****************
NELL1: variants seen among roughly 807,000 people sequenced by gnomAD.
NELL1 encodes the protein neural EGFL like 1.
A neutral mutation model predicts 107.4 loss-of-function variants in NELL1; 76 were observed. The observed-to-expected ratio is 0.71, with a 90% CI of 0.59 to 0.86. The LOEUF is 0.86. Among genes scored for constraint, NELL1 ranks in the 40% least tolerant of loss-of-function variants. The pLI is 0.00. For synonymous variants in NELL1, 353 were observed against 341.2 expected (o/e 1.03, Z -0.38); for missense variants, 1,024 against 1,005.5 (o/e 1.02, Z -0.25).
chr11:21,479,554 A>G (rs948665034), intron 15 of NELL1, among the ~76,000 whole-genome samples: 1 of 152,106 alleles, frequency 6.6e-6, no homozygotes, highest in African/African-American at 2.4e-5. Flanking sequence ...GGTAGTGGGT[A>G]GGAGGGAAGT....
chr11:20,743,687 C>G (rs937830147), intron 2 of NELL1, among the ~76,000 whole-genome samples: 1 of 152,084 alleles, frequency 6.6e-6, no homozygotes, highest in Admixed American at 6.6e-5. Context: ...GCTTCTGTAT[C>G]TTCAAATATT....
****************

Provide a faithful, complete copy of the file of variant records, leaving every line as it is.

NELL1: variants seen among roughly 807,000 people sequenced by gnomAD.
NELL1 encodes the protein neural EGFL like 1.
A neutral mutation model predicts 107.4 loss-of-function variants in NELL1; 76 were observed. The observed-to-expected ratio is 0.71, with a 90% CI of 0.59 to 0.86. The LOEUF is 0.86. Among genes scored for constraint, NELL1 ranks in the 40% least tolerant of loss-of-function variants. The pLI is 0.00. For synonymous variants in NELL1, 353 were observed against 341.2 expected (o/e 1.03, Z -0.38); for missense variants, 1,024 against 1,005.5 (o/e 1.02, Z -0.25).
chr11:21,479,554 A>G (rs948665034), intron 15 of NELL1, among the ~76,000 whole-genome samples: 1 of 152,106 alleles, frequency 6.6e-6, no homozygotes, highest in African/African-American at 2.4e-5. Flanking sequence ...GGTAGTGGGT[A>G]GGAGGGAAGT....
chr11:20,743,687 C>G (rs937830147), intron 2 of NELL1, among the ~76,000 whole-genome samples: 1 of 152,084 alleles, frequency 6.6e-6, no homozygotes, highest in Admixed American at 6.6e-5. Context: ...GCTTCTGTAT[C>G]TTCAAATATT....